I’ve been working on this project off and on for over a year and a half and it has been quite the journey. The first few months my biggest challenge was just “finding” people to participate. Up until that point I only knew one other LGBTQ African, my dear friend Odera who was one of the first participants in the project, so finding others took months of work. But once you find some LGBTQ Africans, you realize that the community is absolutely massive. In the US alone, there are at least 30,000 1st and 2nd generation LGBTQ African immigrants, so I was eventually able to overcome this hurdle and do 1-2 hour preliminary interviews with over 30 LGBTQ African immigrants. I learned so much from those conversations and felt community being built in each one as well which was very moving. After that my challenge was fighting myself. I kept telling myself that I “wasn’t ready,” that I “wasn’t good enough” to do this alone, that I need professional collaborators or it would be a disappointment. Self-doubt put the project in a holding pattern for a year. I kept reaching out to other people to help me make the project happen, and collaboration attempt after attempt fell through.
Eventually I realized that I needed to believe in my own talent and work if this was ever going to happen. I started shooting in May and just getting out there, believing in myself and creating has been exhilarating. After years of doubt and denial, I am finally embracing myself as a photographer and artist and my creative output is now the highest it has ever been in my life. Sometimes fighting yourself can be the hardest fight of all when doing an independent project and that was definitely been the case for me.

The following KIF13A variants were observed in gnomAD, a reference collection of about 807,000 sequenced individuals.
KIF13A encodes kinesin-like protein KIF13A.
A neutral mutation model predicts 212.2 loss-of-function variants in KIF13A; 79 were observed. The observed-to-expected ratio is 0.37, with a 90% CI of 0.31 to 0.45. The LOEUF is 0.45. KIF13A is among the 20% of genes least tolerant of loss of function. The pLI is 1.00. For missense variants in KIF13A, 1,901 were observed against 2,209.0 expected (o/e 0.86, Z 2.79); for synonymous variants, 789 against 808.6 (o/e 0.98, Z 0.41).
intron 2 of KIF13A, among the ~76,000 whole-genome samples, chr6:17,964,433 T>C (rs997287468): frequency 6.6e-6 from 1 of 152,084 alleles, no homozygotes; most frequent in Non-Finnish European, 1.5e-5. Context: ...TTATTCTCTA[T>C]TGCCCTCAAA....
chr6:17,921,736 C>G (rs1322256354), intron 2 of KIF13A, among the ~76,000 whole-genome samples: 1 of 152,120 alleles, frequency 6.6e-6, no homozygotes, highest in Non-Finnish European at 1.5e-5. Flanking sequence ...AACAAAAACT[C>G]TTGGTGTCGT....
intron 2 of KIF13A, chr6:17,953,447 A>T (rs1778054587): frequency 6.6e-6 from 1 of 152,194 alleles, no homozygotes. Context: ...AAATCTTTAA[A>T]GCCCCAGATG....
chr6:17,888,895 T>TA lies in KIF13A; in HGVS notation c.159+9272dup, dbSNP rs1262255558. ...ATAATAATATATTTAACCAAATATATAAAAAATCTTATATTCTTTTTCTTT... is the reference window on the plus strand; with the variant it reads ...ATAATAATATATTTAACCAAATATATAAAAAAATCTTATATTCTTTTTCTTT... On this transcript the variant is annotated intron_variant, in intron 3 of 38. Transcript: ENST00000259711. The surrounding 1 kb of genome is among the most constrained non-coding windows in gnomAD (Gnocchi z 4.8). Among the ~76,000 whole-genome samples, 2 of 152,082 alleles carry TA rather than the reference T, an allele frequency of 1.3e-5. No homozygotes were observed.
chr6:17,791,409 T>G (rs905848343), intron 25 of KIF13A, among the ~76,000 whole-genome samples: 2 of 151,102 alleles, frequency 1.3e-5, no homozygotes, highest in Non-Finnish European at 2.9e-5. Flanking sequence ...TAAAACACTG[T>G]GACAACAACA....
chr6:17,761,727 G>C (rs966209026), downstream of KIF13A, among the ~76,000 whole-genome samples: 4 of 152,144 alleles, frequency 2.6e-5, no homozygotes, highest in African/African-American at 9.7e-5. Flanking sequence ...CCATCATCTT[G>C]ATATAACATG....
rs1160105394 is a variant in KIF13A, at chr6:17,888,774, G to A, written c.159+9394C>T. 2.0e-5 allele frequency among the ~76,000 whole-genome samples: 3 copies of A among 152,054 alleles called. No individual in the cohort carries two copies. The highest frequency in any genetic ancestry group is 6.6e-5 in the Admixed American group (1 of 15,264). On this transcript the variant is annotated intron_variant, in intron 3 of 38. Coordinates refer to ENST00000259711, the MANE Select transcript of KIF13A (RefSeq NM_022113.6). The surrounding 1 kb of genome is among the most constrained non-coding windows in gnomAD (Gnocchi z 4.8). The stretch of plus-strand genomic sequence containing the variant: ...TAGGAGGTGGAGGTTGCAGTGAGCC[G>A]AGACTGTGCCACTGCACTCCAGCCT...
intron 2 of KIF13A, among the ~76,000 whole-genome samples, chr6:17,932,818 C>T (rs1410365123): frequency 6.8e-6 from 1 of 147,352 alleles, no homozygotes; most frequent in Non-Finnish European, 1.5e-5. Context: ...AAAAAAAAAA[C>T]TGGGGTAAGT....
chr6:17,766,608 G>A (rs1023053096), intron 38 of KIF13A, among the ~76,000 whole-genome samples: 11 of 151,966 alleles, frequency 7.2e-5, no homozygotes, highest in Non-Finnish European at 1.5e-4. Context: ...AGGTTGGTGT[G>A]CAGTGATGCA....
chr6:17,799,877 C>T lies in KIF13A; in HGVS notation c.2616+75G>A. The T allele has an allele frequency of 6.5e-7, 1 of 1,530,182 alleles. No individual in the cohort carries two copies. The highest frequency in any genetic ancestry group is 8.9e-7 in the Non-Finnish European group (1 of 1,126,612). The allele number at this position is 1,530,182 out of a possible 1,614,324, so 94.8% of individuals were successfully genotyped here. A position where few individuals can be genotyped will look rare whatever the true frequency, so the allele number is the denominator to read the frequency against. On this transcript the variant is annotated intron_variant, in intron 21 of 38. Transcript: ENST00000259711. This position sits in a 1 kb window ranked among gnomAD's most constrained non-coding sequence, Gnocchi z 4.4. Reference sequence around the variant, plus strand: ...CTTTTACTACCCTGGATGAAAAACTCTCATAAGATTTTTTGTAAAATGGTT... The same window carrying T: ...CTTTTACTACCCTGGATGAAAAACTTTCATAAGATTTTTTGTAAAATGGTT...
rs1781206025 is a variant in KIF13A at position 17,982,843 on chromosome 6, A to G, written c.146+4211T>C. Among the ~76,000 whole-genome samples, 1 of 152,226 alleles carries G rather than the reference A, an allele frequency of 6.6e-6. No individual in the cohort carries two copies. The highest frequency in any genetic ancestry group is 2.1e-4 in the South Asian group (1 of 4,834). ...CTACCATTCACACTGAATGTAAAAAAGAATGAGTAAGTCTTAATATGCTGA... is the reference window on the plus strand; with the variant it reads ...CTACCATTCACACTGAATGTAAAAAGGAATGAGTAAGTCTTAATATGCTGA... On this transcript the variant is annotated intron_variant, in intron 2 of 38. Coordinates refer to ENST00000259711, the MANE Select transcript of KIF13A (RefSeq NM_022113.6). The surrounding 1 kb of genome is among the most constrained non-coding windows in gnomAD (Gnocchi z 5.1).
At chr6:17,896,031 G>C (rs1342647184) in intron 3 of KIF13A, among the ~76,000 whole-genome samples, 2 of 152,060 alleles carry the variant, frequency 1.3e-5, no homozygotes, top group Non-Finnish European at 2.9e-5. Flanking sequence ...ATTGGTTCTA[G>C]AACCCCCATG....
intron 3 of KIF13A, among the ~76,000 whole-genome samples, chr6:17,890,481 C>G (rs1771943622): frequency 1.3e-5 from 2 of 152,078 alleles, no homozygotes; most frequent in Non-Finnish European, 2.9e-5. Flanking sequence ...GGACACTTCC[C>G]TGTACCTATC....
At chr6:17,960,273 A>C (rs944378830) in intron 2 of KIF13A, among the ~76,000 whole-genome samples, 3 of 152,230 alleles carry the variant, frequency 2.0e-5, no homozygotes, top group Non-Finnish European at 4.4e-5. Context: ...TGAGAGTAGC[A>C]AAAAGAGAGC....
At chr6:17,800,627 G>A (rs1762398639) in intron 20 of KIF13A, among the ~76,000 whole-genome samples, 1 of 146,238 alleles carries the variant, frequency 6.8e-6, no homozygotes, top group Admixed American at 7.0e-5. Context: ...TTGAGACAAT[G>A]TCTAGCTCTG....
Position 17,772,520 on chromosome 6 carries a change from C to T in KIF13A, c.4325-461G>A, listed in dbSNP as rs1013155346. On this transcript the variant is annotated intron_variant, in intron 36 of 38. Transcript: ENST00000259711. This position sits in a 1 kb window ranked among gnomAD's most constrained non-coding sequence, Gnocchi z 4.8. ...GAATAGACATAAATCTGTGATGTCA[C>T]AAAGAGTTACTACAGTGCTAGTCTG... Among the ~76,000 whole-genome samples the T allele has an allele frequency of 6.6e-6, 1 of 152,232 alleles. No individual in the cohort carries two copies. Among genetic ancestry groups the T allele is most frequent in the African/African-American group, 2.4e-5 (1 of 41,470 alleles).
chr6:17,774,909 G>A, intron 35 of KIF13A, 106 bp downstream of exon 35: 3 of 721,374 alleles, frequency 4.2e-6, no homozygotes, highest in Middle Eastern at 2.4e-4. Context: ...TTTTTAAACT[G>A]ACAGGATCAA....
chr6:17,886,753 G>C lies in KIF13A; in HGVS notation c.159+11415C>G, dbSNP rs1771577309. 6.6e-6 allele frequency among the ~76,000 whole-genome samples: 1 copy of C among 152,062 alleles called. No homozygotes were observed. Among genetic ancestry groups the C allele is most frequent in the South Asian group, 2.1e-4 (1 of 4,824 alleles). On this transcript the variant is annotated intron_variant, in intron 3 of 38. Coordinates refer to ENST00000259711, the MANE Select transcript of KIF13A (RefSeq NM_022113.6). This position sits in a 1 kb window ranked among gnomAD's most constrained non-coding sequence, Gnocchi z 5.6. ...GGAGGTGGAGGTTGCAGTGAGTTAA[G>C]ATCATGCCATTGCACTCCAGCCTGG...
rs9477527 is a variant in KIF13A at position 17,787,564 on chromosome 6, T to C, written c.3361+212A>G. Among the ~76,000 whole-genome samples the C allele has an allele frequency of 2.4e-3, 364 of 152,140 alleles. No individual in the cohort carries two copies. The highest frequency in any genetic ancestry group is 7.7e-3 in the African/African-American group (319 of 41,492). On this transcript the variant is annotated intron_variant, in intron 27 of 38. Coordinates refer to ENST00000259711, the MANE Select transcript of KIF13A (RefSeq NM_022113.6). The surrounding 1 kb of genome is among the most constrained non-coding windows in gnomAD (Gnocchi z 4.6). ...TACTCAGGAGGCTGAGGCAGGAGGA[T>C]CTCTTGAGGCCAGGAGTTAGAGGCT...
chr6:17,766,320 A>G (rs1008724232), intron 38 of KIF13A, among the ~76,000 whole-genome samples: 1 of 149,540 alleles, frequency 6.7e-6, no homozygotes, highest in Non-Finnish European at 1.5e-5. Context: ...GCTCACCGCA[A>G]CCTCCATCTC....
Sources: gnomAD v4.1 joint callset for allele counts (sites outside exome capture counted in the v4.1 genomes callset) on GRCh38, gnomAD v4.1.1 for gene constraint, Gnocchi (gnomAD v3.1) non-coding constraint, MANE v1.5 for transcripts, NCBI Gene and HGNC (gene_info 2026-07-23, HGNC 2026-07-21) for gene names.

Defining moments? After a shoot when a participant told me that the shots captured exactly who she saw herself as and becoming in her life. That told me that I was doing something right with the project.
In terms of evolution, the project has changed so incredibly much. Originally I saw it being a sad, depressing video documentary about our tragic experiences that catered to the white gaze. Then I saw it as focusing on our relationships with our families and parents through photos, hand written notes and more. Then I saw it as being a literacy through photography project where I would give each participant a polaroid camera to document their lives. Eventually through my conversations with participants and other photographers I decided to focus the project on each participant themselves and their visual aesthetics in particular. Each shoot pushes my photography and has made me more intentional about storytelling as well. I’m excited to see where the project goes as it is still changing and evolving.
Currently, your project documents queer Africans living in the US. Are there any future plans to expand the project to other parts of the diaspora?
The project documents not just queer Africans but gender non-conforming and trans ones as well, but yep! I am leaving for Trinidad tomorrow actually to shoot 2 LGBTQ Africans there. I am hoping that the project will continue to grow and expand geographically as well. I would really love to shoot in Europe especially given how large the community is there especially in the UK, France, Netherlands and Germany. The project has been completely self funded to date, though, which is a major limiting factor on the geographic scope. Hopefully a big funder drops from the sky and funds a European expansion of the project! ;)
Are there any other Queer African artists whose work you’d recommend people familiarize themselves with?
Yep! There are lots of great Queer African artists who I’d recommend. Photographers and videographers include: Zanele Muholi, Selly Thiam, Sabelo Mlangeni and Rotimi Fani-Kayode. For illustrators, Odera Igbokwe is great and is a friend and participant in Limit(less). Also for great creative writing check out Davina Owombre who writes incredible short stories about queer African life.